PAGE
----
The Frugal Café | Photo credit: Rebecca Anne, "Flora's Cup"</a> | Creative Commons License, some rights reserved, Flickr.com
Photo credit: Rebecca Anne, "Flora's Cup" | Creative Commons License, Flickr.com

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How to Make Pumpkin Candy, 1800's American-Style

Compiled by Vicki McClure Davidson

 

Jack Skellington Jack-O'-Lantern | Photo credit: Weeta, Flickr, Creative Commons some rights reserved
Jack Skellington Jack-O'-Lantern | Photo credit: Weeta, Flickr, Creative Commons

 

During the fall months, pumpkins in America abound. Aside from carved jack-o'-lanterns at Halloween, roasted pumpkin seeds, pumpkin bread, pumpkin pudding, pumpkin soup, and, of course, pumpkin pies made in America's home kitchens, what else can be made from pumpkins?

Plenty.

With backyards gardens bursting with these gigantic, glorious gourds and farmers' markets, roadside stands, and supermarkets offering bargain prices at the height of the pumpkin season to unload their huge bounty, don't pass up an opportunity to experiment with pumpkins. They are an extremely rich source of Vitamin A (1 serving, about 1 cup, has a whopping 245 percent of daily value). Pumpkin is also low in saturated fat, cholesterol, and sodium. It is also a good source for thiamin, niacin, Vitamin B6, folate, iron, magnesium, and phosphorus. Additionally, pumpkin offers a good amount of dietary fiber, Vitamin C, copper, riboflavin, potassium, and manganese. One serving of cooked pumpkin has only 49 calories. Some serious nutritional value here for a food that is often used only in pie or Halloween ornamentation. Kinda sad.

Early American cooks discovered many other delicious, unique ways to serve pumpkin... including pumpkin candy.

The pumpkin candy recipe below is easy, but rather time-consuming to make. From start to finish, the candy making process takes a couple of days, although most of that time is spent with the pumpkin softening in lemon juice. When selecting pumpkins for cooking, be sure to purchase sweet pumpkins, which are typically smaller and sweeter for eating than those bought for carving into jack-o'-lanterns. The larger, less sweet ones can be used in cooking, but the flavor will be better with sweet pumpkins.

The following recipe is from Betty Fussell's amazing cookbook of old-time recipes, I Hear America Cooking:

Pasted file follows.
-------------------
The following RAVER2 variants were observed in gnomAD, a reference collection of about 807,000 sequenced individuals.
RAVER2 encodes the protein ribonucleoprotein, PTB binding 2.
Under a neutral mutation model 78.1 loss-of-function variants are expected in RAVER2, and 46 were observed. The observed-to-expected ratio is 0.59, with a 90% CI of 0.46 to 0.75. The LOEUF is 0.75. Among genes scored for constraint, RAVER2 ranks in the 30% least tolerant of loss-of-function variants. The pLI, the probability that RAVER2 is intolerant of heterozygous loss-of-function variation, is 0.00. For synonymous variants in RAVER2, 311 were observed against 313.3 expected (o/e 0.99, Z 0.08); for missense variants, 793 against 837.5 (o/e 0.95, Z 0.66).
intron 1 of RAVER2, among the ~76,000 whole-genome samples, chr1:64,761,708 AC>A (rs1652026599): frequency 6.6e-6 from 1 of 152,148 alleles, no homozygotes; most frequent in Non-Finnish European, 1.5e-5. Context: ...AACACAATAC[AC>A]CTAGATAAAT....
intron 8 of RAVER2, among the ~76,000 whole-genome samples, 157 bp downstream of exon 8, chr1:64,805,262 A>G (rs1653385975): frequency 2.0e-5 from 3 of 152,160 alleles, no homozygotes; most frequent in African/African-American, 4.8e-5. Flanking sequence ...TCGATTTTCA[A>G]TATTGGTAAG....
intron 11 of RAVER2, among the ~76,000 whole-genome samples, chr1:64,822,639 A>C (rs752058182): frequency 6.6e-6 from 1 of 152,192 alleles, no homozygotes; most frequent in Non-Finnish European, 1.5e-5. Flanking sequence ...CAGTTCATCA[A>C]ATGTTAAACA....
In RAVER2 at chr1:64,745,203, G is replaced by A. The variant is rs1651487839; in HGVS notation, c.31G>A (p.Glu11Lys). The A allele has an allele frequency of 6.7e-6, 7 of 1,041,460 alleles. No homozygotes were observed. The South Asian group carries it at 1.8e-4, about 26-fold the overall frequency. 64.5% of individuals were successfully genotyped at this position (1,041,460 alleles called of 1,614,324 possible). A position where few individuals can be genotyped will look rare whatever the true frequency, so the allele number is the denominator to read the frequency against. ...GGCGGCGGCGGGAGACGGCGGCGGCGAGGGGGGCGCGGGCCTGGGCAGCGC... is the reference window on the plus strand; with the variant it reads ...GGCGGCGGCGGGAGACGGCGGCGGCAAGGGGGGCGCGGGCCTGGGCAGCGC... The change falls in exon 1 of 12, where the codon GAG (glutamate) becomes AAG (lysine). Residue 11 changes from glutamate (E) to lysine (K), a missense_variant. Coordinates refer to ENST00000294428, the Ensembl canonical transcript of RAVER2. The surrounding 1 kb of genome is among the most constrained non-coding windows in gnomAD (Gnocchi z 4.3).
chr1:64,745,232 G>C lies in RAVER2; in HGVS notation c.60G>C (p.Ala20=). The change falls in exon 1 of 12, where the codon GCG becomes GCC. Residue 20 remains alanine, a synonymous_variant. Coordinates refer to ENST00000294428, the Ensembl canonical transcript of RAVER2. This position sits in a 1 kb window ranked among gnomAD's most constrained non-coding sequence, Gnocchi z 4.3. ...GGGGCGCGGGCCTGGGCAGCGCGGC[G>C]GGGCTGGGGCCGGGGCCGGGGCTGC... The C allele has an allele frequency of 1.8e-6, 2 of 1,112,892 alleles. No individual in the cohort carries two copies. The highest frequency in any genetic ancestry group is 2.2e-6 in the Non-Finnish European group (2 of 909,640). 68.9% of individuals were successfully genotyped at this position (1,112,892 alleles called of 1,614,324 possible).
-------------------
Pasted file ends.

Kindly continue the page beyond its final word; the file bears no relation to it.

A uniquely American sweet is one made from fresh pumpkin chips. The Indians would cut a pumpkin or squash into two-by-four-inch strips, then soften the strips in a bath of woodashes or lye. Finally, they would boil the strips in sugary syrup, sometimes flavored with cilantro, until the syrup was clear and the chips brittle. Easier probably for the city cook is a device recommended by Eliza Leslie in her Directions for Cookery (1837), in which lemon juice helps to soften the chips and counteract the sweetness of the sugar.

 

Pumpkin Candy

  • 1-1/2 pounds uncooked pumpkin meat (from a 3- or 4-lb pumpkin)
  • 2 c. sugar
  • Thinly pared rind of 3 lemons
  • 1 c. fresh lemon juice

 

Cut meat into uniform strips, 4 by 2 inches and 1/4 inch thick. Put the strips in a bowl and sprinkle with the sugar.

Cut the lemon rind into narrow strips. Add to the pumpkin and pour lemon juice over all. Let the mixture stand at least 12 hours or overnight.

Put the mixture in a covered saucepan, bring to a simmer, and simmer gently until the pumpkin becomes translucent but is still firm, about 1 hour.

Remove strips with a slotted spoon and drain on paper towels. Let them dry for 12 hours or overnight. Roll them in granulated sugar or eat them plain. You can also cover them with the syrip and store, refrigerated, where they will keep several weeks.

Makes 3 cups.

 

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Source: Fussell, Betty, I Hear America Cooking, Viking Penguin, NY, NY, 1986.
Nutrition Data, Pumpkin (cooked, boiled, drained, without salt), (http://nutritiondata.self.com/facts/vegetables-and-vegetable-products/2601/2).